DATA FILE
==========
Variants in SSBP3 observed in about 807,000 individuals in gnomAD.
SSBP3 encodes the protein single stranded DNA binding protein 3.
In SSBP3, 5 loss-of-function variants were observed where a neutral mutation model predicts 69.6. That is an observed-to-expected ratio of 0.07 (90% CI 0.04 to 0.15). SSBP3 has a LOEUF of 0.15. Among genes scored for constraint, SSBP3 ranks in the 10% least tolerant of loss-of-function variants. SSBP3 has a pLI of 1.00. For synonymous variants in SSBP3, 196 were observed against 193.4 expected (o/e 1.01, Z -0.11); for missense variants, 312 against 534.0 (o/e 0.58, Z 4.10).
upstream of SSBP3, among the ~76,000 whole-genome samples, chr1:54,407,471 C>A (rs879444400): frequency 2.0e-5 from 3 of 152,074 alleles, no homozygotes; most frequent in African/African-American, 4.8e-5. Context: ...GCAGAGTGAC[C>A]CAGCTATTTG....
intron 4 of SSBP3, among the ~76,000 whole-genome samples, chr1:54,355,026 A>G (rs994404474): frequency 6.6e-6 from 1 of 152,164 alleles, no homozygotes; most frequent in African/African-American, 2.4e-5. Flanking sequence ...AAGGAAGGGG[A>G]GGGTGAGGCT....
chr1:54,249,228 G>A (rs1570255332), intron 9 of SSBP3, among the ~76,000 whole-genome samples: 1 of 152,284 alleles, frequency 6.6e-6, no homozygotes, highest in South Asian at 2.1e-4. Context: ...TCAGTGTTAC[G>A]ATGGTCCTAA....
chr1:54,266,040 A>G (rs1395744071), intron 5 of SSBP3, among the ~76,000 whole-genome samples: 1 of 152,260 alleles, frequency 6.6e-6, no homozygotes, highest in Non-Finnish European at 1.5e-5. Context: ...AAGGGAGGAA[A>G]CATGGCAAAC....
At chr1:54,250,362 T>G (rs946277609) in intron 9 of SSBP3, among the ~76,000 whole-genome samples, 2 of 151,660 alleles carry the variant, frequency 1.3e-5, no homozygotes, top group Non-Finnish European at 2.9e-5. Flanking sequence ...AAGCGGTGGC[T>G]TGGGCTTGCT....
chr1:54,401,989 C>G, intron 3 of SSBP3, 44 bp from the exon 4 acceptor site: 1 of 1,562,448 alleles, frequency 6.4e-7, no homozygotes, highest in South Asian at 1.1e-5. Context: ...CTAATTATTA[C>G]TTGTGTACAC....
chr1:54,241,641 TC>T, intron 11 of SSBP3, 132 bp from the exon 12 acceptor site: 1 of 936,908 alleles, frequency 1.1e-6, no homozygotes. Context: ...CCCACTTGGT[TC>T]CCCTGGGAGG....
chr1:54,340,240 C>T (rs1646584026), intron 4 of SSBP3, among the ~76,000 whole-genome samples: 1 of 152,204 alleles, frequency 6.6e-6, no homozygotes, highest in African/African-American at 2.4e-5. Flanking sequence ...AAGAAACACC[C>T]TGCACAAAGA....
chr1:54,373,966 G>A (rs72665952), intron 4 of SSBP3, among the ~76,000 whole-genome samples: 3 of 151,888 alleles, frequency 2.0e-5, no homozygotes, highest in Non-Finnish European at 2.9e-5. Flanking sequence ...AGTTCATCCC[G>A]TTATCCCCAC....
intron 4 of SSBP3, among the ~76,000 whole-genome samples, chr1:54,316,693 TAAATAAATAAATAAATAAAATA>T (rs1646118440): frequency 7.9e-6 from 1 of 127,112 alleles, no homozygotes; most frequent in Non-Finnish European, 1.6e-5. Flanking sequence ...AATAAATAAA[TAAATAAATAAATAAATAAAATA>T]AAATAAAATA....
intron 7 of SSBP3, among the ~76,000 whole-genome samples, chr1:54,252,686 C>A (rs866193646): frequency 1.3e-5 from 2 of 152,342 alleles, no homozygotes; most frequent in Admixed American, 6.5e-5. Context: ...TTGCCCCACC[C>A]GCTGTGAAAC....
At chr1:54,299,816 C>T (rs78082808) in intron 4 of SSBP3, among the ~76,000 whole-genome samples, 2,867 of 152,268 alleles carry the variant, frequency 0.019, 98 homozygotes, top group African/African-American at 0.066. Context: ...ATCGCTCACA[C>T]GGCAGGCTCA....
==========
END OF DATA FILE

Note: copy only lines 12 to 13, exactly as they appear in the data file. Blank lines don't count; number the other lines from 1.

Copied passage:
chr1:54,373,966 G>A (rs72665952), intron 4 of SSBP3, among the ~76,000 whole-genome samples: 3 of 151,888 alleles, frequency 2.0e-5, no homozygotes, highest in Non-Finnish European at 2.9e-5. Flanking sequence ...AGTTCATCCC[G>A]TTATCCCCAC....
intron 4 of SSBP3, among the ~76,000 whole-genome samples, chr1:54,316,693 TAAATAAATAAATAAATAAAATA>T (rs1646118440): frequency 7.9e-6 from 1 of 127,112 alleles, no homozygotes; most frequent in Non-Finnish European, 1.6e-5. Flanking sequence ...AATAAATAAA[TAAATAAATAAATAAATAAAATA>T]AAATAAAATA....